But there are other phrases that are performative: I do and I bet you come to mind, but so does another–Guilty.
My stint, which started today and will end I don’t know when, as a duteous Brooklyn potential juror has got me thinking about all kinds of words: objectivity, (don’t believe in it) judgment, (don’t like it) guilty, (gross–do you know anything about the prison system? did you watch the OJ trial?) innocent (we’re all guilty, did you read the Brother’s K?)–words I have problems with, but it’s not the words, it’s what they represent. These are judicial words. Words meant to mean something concrete, serious and true. Words that weigh. Words that enable judgment. But, you know, that’s just not how I feel about things.
“Are you capable, Miss [I scream not married] Hollingsworth, of paying attention to the facts?”
“Sure,” I respond.
“Have you prejudged this case Miss Hollingsworth?”
“No, but, I have, you know, opinions…”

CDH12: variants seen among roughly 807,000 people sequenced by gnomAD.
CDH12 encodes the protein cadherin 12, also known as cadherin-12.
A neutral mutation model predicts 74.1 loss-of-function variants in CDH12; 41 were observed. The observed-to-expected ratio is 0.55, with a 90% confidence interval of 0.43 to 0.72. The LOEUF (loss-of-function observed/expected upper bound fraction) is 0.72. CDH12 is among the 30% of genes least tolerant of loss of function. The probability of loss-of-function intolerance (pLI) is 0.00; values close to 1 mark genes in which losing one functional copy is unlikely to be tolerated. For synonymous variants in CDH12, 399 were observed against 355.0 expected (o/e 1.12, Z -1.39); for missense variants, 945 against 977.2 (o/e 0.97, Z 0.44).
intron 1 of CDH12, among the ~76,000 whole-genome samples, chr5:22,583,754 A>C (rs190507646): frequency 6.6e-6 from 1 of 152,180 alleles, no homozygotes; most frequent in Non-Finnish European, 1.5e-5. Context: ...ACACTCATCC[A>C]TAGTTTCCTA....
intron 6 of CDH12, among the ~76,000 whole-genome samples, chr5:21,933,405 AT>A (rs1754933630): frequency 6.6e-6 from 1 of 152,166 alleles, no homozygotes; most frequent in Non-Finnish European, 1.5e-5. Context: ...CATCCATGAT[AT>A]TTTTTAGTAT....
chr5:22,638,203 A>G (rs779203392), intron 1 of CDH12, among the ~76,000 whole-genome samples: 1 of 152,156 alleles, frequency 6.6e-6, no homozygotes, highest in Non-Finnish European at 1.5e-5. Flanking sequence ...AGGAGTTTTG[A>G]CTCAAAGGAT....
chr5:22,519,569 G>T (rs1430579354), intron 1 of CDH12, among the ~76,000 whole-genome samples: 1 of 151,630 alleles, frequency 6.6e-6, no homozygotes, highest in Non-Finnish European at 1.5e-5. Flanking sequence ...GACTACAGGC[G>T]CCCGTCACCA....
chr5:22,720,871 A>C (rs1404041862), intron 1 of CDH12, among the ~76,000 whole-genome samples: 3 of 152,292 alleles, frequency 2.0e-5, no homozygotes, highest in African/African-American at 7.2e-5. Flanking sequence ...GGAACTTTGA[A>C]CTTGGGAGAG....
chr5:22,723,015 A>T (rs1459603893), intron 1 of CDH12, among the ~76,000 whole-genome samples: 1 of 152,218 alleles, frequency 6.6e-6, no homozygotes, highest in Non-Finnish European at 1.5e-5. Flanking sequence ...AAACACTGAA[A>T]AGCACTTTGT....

“Oh, yes of course and I’d urge you to hold out on sharing those… but of course you have opinions as you say..”
“But you haven’t judged“
“No, I don’t know how I’d rule at this point” (laughs)
and I’m wondering if I have a shot in hell of getting on this jury (I find out tomorrow). What’s weird is that I’m kinda into it. It’s such a specific experience. They didn’t say we couldn’t talk about it. They probably should have? Anyway, it’s a small case and the defendant is that city of New York. God damn it all to hell. I love New York–the city of taxes, taxes that pay me to do jury duty, taxes that pay the plaintiff for whatever the fuck happened to her and is New York’s fault (or is it?!) Taxes! Love them. Suck it Sara Palin. I made $40 today serving my country! (though I guess you have to be tortured as a POW to get the full, authentic serving your country experience).
Well, anyway, whatever happens, probably won’t end with me Law & Ordering someone into a guilty verdict (I’d hang that jury so fast if prison were involved). I don’t make a lot of performative statements. Guess I prefer to take it in, observe stuff, then write stuff. I hate cilantro: it’s easy to say, to write because it’s specific, it’s true (if we agree hate is a strongly negative feeling toward a thing) and I don’t have those kinds of dogmatic, strong, true feelings about things like, oh, whether someone is guilty or not, but believe me it’s very hard to explain to an ambulance-chasing attorney and his apathetic defense counterpart that all these feelings of ambivalence somehow tie into my hate of cilantro. It just doesn’t roll off the tongue.